In fact, early Anabaptism relied heavily on its insistence that all of life should be interpreted through the lens of the conflict between the kingdom of Christ and the kingdom of Satan. There was no room for compromise in this conflict, and therefore while Christians could recognize God-ordained purposes for the state, they could not participate in its methods.

Although it is often forgotten in contemporary debates, Calvin articulated the Reformed two kingdoms doctrine in part to demonstrate the problem with Anabaptist views of the state. While he agreed with the Anabaptists that churches should discipline Christians to ensure that they live consistent with God’s moral law, and while he agreed that the kingdom of God becomes increasingly manifest in the life of the church even in this age, he utterly rejected the idea that the kingdom could be realized to the point that civil government would not be both necessary and good. Because he recognized that Christians still live in the present age, and that God still orders the present age morally, he argued that Christians function in two kingdoms, the spiritual kingdom and the political kingdom. In their vocations in the latter, including political and civil vocations, they might sometimes do things that will never take place in the kingdom of God – such as take up the sword.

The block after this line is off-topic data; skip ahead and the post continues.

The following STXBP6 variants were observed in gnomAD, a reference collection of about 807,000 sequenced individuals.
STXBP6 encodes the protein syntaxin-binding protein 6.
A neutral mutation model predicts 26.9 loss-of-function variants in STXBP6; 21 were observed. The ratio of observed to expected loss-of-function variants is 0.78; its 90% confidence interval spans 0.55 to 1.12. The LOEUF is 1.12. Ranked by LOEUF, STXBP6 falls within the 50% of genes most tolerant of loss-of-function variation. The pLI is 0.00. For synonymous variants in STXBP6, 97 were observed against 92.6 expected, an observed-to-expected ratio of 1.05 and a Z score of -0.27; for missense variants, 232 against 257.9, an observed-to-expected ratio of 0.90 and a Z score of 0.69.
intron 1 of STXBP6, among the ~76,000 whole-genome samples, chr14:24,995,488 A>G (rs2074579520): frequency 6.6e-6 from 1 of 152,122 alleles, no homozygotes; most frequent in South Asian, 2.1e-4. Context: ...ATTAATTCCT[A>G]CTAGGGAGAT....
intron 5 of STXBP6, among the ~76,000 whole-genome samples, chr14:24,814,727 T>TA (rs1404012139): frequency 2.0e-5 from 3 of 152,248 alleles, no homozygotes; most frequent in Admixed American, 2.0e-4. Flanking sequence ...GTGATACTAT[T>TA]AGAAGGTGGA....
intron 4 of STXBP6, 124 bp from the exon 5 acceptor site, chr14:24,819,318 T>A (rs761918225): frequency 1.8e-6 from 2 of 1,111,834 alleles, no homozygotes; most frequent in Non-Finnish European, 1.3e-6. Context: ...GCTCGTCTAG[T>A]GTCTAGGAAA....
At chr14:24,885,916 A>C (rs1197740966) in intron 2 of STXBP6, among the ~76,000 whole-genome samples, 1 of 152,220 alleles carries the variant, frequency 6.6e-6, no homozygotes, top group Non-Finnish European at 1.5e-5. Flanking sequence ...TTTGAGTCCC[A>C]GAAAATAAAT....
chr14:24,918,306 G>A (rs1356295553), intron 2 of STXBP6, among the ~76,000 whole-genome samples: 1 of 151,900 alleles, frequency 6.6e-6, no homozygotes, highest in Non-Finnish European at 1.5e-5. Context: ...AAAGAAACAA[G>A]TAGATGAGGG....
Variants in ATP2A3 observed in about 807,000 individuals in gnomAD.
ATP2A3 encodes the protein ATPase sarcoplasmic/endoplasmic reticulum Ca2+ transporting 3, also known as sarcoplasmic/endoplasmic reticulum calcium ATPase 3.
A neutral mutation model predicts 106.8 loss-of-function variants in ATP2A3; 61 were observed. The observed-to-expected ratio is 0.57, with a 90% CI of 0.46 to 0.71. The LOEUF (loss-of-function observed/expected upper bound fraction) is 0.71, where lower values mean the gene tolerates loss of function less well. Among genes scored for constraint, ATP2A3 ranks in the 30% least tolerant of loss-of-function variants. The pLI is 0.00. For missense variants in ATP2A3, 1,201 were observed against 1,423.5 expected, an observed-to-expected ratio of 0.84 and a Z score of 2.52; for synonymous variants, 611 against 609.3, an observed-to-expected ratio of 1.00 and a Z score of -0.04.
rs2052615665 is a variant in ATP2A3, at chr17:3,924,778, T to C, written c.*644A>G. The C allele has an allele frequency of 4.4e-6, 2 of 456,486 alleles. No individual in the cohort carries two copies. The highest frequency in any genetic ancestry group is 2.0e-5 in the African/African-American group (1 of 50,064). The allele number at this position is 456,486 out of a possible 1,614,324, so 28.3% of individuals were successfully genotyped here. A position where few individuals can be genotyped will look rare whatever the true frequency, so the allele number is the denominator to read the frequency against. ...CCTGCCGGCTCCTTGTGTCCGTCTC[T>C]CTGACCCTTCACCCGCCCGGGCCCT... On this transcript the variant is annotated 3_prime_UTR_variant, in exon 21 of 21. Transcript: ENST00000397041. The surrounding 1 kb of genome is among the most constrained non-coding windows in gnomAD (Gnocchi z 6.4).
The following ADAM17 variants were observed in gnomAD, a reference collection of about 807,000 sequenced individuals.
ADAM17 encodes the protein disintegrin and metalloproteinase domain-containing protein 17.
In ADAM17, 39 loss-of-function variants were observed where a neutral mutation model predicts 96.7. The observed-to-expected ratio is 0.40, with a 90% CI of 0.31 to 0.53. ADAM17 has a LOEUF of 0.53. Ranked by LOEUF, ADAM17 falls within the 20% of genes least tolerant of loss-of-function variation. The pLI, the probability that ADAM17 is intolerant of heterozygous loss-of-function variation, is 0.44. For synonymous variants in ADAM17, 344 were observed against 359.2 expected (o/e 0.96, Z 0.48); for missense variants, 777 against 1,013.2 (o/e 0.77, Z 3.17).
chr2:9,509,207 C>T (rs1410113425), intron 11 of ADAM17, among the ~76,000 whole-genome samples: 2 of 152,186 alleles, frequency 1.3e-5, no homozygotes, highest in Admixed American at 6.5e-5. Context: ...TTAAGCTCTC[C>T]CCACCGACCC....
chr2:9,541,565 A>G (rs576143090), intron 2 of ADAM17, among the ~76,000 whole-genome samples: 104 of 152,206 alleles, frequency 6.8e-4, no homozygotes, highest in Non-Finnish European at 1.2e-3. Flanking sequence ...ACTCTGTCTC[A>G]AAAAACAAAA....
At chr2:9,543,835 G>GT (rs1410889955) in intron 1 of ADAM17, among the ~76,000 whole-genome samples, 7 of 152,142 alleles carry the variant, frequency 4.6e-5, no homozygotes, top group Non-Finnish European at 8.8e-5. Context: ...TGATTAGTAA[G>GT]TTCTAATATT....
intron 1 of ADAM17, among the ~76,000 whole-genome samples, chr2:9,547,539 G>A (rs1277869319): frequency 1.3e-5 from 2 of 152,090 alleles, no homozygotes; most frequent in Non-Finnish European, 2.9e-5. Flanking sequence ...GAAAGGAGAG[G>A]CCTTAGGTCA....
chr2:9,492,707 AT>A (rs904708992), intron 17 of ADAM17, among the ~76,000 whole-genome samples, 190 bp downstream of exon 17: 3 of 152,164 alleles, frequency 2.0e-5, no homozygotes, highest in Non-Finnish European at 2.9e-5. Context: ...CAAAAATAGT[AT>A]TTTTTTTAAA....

One of the reasons why many of my own professors at Emory are interested in my project on the two kingdoms doctrine is because they recognize that the two principal trajectories dominant in academic Christian ethics – the first being that of the social gospel and liberation theology, the second being that of Neo-Anabaptism – fail to take seriously the character of Christian life as lived between two ages. Both the liberals and the Neo-Anabaptists abandon realism at key points in order to stress the immanence of the kingdom of God. There is a desperate need for a new ethical paradigm, and the resources in the Reformed tradition for this new paradigm, particularly in its two kingdoms doctrine, are impressive.

Critics of the two kingdoms need to take seriously the major alternatives out there. For years Christian ethics has been dominated by the social gospel and liberation theology. Now it is becoming dominated by Neo-Anabaptism. Is returning to the Reformed two kingdoms doctrine really such a bad way to help us avoid these two options?


About Matthew J. Tuininga

Matthew J. Tuininga is the Assistant Professor of Moral Theology at Calvin Theological Seminary in Grand Rapids, Michigan.

Posted on July 25, 2012, in Academy, Calvin, Neo-Anabaptism, pacifism, Two Kingdoms and tagged , , , , . Bookmark the permalink. Comments Off on The Wishful Thinking of the Neo-Anabaptists: could government avoid using the sword?.